Arthritis & Rheumatism, Volume 62,
November 2010 Abstract Supplement

Abstracts of the American College of
Rheumatology/Association of Rheumatology Health Professionals
Annual Scientific Meeting
Atlanta, Georgia November 6-11, 2010.


Hip Involvement Concerns 18 of Spondyloarthritis Patients, Is Often Bilateral and Total Joint Replacement Leads to Good Functional Results in These Patients.

Burki,  Vincent, Paternotte,  Simon, Elhai,  Muriel, Fabreguet,  Isabelle, Koumakis,  Eugenie, Meyer,  Magali, Payet,  Judith

Background:

Hip involvement is a common but little studied feature of spondyloarthritis (SpA).

Objective:

To study the prevalence and clinical features of hip involvement, in a cohort of patients with spondylarthritis (SpA) in a tertiary care center.

Methods:

Study design: retrolective single center observational study in 2010 (COSPA). Patients: definite SpA (Amor's criteria). Each patient underwent direct interview by a physician. Data collection: prevalence of hip involvement, and if present, the date of appearance, the localization and nature of the pain, treatments performed (intra-articular injections, surgery) and outcomes of total joint replacement (TJR). Analysis: descriptive analysis.

Results:

To date, 148 consecutive SpA patients were assessed: 26/148 patients (18%) suffered from SpA-associated hip involvement; median age 44.2 (range 25.9–69.4) years, median symptom duration 23.5 (5–51) years, 22 (85%) were men, 22/24 (92%) were B27 positive. 22/26 (85%) of patients with hip involvement had been treated by anti TNF at data collection versus 65/120 (54%) of other patients. Hip involvement appeared during the first 5 years of disease duration in 68% and during the first 10 years in 81%. Prevalence varied according to SpA predominant manifestation: more frequent in axial patients (20%, 22/110), than in peripheral disease (14%, 4/29). Hip involvement was bilateral in 46% (12/26) and unilateral in 54% (14/26); 11 patients (46%) received intra articular corticoid injections (of which, 23% were triamcinolone hexacetonide). In all, 9 patients (6% of the whole group and 36% of patients with hip involvement) had a TJR; the median delay between first hip symptoms and TJR was 36 months (range 0–27 years). After a median follow-up of TJR of 101 months (range 2– 27 years), TJR was considered as having a good function in 100% and only 22% (2/9) patients had TJR complications with a second TJR of the hip for both of them.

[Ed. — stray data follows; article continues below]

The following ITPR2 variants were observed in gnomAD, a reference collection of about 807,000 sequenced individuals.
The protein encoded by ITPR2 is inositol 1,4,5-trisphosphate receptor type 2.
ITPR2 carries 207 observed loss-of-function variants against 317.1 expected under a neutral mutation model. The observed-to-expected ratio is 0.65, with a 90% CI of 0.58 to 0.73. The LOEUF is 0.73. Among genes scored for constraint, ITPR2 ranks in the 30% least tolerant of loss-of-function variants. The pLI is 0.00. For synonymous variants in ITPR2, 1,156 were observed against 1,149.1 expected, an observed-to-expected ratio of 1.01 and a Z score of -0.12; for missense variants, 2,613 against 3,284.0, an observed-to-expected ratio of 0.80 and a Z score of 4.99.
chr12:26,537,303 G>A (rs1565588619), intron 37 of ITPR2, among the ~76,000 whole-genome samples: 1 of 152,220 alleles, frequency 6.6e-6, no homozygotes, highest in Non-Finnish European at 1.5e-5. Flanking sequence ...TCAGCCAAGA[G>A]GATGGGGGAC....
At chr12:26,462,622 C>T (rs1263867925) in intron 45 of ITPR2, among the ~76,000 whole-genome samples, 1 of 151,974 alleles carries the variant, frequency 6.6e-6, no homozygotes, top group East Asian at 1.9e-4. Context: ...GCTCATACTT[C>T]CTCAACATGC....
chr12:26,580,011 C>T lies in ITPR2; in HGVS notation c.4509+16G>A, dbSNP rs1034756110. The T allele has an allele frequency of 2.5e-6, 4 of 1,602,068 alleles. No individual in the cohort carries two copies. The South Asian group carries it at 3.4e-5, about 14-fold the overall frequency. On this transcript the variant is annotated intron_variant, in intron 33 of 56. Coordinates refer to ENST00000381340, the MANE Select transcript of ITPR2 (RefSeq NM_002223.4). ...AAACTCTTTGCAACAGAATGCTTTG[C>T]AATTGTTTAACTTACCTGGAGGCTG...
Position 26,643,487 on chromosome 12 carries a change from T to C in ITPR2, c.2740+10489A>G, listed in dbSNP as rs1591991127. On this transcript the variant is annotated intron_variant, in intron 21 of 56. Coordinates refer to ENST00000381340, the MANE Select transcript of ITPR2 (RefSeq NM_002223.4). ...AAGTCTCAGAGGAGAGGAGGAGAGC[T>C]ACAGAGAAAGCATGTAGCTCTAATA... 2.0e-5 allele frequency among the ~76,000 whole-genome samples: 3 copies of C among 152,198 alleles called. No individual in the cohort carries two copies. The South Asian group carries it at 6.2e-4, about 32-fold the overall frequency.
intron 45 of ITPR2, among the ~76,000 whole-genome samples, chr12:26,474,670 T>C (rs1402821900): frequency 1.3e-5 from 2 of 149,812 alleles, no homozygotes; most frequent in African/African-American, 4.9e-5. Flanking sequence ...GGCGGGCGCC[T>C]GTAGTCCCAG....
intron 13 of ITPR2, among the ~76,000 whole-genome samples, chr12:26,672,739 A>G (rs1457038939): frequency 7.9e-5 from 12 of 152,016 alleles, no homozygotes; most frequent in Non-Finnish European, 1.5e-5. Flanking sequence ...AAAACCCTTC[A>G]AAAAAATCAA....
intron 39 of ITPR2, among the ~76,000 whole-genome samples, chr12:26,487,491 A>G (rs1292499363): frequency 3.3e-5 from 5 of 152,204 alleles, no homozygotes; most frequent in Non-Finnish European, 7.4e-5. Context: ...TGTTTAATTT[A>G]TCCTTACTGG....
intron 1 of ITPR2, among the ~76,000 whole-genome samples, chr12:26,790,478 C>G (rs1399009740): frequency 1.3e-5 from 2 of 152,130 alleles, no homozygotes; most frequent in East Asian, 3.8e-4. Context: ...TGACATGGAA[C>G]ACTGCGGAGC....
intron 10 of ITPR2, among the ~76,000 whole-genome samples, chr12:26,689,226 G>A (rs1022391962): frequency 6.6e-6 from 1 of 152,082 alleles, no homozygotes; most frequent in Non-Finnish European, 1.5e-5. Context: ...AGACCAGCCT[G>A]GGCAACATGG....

Conclusion:

Hip involvement occurs in 18% of our SpA patients; hip involvement seems to start usually in the first 10 years of the disease (81% of our patients) with almost equal bilateral or unilateral involvement. TJR is still the best treatment at the moment for serious destruction, with good results even if corticoid intra articular injections are used to retard it.

To cite this abstract, please use the following information:
Burki, Vincent, Paternotte, Simon, Elhai, Muriel, Fabreguet, Isabelle, Koumakis, Eugenie, Meyer, Magali, et al; Hip Involvement Concerns 18 of Spondyloarthritis Patients, Is Often Bilateral and Total Joint Replacement Leads to Good Functional Results in These Patients. [abstract]. Arthritis Rheum 2010;62 Suppl 10 :529
DOI: 10.1002/art.28298

Abstract Supplement

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